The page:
In Alabama and elsewhere, judges want individuals to follow their orders. If that does not happen, a judge may hold the noncompliant party in contempt of court. For family law matters, such as divorce, contempt of court may have significant consequences.

Anyone who fails to comply with a court order is vulnerable to contempt of court charges. While not paying child support is often the source of such a charge, it may also happen in divorce proceedings. For example, if a spouse hides assets or does not comply with financial disclosure requirements, he or she may be in contempt of court.

The process

If a judge believes a person is not complying with a court order, he or she may bring contempt of court charges. This requires the charged party to appear before the judge in a separate court hearing. If the person refuses to appear, the judge may choose to issue an arrest warrant.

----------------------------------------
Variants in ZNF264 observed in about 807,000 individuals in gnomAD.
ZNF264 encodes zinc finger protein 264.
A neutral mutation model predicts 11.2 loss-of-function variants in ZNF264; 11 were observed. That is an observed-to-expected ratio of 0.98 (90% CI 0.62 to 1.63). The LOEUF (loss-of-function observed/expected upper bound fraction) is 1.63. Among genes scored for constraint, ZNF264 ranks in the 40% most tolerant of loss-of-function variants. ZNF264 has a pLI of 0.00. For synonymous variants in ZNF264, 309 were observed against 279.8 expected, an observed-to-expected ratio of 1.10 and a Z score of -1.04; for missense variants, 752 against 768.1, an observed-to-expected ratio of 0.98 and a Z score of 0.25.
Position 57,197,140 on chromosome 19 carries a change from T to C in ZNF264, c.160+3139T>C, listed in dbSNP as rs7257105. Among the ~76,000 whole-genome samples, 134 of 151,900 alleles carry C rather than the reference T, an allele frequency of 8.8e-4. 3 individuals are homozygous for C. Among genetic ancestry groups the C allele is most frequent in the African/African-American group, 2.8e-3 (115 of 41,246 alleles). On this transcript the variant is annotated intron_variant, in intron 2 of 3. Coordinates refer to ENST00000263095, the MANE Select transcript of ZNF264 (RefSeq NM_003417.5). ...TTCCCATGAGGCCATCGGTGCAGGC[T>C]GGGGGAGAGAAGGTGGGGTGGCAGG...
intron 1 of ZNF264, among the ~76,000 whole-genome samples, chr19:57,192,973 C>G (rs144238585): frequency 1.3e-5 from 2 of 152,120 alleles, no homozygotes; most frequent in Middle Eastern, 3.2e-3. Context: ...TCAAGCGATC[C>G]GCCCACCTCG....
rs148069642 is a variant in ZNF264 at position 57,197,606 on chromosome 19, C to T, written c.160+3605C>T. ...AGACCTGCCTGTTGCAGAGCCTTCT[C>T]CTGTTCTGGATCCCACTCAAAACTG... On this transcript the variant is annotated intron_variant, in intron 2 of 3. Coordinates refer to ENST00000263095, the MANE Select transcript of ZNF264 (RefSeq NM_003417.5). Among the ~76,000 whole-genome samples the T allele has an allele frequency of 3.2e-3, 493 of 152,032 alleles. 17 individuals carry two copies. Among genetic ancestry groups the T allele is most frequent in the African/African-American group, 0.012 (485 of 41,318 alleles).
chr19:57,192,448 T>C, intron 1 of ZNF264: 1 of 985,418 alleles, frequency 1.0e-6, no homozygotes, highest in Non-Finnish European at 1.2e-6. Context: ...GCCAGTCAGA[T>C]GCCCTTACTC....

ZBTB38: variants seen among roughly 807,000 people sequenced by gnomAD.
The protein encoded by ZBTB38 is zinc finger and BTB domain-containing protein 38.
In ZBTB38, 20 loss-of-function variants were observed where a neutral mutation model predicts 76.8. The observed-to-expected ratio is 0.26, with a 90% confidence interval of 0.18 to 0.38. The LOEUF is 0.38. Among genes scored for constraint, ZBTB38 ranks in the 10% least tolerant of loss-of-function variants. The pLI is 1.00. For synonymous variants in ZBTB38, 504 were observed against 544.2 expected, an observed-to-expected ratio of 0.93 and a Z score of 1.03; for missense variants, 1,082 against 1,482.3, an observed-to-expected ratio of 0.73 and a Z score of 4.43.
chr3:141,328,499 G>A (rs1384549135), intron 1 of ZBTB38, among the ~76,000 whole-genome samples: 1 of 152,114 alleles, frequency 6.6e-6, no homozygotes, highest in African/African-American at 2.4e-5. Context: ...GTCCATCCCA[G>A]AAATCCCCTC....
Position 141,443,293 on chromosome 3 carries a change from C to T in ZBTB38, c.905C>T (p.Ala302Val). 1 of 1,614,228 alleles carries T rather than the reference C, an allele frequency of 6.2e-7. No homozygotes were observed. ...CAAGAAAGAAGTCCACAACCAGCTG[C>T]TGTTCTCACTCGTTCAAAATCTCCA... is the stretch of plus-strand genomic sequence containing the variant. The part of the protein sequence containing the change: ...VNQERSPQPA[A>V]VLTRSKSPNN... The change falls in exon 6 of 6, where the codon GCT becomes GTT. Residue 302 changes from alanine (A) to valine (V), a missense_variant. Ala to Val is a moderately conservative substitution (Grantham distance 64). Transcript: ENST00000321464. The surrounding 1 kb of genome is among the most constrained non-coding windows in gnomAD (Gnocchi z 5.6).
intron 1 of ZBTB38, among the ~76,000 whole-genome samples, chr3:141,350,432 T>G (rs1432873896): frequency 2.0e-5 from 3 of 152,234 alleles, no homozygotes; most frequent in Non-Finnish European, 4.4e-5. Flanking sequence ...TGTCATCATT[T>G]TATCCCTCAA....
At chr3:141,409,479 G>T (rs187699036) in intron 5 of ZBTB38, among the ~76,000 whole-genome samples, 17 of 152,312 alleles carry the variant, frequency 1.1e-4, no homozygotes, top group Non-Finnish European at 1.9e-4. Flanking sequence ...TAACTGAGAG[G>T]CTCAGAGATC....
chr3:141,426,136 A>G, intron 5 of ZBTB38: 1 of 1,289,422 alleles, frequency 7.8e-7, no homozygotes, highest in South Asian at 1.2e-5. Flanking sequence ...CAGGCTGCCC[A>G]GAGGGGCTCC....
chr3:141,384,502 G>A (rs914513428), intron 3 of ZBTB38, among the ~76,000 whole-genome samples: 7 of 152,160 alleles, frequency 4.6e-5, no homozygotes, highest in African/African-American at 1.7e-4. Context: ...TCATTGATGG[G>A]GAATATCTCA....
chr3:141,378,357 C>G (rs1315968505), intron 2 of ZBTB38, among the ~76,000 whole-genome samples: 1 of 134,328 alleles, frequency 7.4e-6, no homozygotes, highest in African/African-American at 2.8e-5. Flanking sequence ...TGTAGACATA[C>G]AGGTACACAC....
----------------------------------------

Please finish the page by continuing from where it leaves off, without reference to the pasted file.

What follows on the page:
Petitions for Rule Nisi

On their own, judges may not have enough information to determine if a person is complying with a court order. The person’s ex-spouse, however, likely does. If an individual believes his or her ex-spouse is not following a divorce-related court order, he or she may file a Petition for Rule Nisi. Essentially, this petition requires the other person to explain in open court why he or she is not complying with the court’s demands.

Consequences

Judges enjoy wide latitude to control what happens in their courtrooms. If a judge holds a party in contempt of court, he or she may impose a variety of penalties.

First, though, the judge is likely to try to coax the offending party into abiding by the court order. If that does not work, the judge may rework the order to disadvantage the contemptuous party. He or she may also throw the offender in jail or order the payment of legal fees.

Contempt of court is a serious matter. Nevertheless, if a spouse has chosen not to respect the court’s authority, there may be no choice in pursuing charges.